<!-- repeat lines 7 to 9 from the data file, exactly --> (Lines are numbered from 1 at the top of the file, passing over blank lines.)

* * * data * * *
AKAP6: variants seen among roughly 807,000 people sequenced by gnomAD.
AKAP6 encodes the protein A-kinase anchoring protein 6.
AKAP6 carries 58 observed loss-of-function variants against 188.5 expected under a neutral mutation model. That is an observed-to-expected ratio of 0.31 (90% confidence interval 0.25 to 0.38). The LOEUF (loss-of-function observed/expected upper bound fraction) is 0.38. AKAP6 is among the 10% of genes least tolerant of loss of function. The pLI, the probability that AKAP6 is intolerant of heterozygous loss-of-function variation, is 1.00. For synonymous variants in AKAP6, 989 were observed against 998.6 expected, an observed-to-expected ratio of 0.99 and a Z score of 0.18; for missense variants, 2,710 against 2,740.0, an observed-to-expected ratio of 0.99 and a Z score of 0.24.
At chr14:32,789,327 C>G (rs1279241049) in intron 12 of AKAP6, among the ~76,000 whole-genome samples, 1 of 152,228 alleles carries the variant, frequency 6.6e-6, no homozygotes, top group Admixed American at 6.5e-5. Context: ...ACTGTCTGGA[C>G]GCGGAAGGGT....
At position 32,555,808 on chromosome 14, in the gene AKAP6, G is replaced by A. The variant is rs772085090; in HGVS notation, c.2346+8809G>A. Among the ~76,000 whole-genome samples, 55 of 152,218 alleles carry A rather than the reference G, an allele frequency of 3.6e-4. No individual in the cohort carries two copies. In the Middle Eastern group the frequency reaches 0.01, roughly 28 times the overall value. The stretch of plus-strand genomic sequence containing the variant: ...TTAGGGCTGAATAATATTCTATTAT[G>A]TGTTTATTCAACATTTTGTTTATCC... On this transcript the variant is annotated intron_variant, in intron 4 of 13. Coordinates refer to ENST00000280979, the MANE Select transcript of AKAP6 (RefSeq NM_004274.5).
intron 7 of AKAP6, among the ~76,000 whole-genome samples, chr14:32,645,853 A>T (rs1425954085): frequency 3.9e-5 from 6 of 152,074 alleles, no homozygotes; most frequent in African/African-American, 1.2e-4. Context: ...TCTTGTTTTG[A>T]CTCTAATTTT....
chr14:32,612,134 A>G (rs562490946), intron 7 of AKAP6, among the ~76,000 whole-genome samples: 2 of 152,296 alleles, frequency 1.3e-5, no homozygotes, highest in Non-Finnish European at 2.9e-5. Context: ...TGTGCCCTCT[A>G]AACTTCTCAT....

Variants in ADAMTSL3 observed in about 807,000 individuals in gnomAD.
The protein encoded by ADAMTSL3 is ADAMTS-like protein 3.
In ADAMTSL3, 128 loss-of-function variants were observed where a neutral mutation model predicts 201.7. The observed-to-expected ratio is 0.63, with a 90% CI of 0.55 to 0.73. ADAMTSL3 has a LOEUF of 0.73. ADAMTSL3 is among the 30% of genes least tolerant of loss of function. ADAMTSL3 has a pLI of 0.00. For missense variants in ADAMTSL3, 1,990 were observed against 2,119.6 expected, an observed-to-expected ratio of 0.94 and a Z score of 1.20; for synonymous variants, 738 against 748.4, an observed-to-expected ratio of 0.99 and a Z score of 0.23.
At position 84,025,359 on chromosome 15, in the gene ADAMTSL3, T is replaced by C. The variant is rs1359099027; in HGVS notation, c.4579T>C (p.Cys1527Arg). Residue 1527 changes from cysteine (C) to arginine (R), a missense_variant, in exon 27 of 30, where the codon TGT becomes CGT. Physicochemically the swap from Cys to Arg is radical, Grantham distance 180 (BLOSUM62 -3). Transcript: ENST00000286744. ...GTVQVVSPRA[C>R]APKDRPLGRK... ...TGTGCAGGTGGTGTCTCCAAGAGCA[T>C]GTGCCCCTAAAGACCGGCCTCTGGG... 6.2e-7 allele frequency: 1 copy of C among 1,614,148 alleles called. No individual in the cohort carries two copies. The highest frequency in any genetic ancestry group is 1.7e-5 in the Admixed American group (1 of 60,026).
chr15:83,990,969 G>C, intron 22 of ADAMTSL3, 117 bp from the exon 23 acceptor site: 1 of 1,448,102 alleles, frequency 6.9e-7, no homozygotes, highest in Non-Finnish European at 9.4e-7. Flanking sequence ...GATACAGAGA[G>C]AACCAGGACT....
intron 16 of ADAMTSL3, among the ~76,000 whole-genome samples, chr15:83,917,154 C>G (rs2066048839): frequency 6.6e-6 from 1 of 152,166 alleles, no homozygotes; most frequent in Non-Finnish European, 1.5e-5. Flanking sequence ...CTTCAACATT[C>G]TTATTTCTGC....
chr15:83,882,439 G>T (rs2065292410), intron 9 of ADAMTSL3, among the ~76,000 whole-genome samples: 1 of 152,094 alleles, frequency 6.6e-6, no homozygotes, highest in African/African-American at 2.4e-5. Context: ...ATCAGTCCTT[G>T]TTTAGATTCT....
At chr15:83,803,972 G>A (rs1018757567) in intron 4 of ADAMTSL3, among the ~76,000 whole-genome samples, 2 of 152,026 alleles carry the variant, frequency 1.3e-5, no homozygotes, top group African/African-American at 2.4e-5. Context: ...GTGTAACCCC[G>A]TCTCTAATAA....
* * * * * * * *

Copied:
chr14:32,612,134 A>G (rs562490946), intron 7 of AKAP6, among the ~76,000 whole-genome samples: 2 of 152,296 alleles, frequency 1.3e-5, no homozygotes, highest in Non-Finnish European at 2.9e-5. Context: ...TGTGCCCTCT[A>G]AACTTCTCAT....

Variants in ADAMTSL3 observed in about 807,000 individuals in gnomAD.
The protein encoded by ADAMTSL3 is ADAMTS-like protein 3.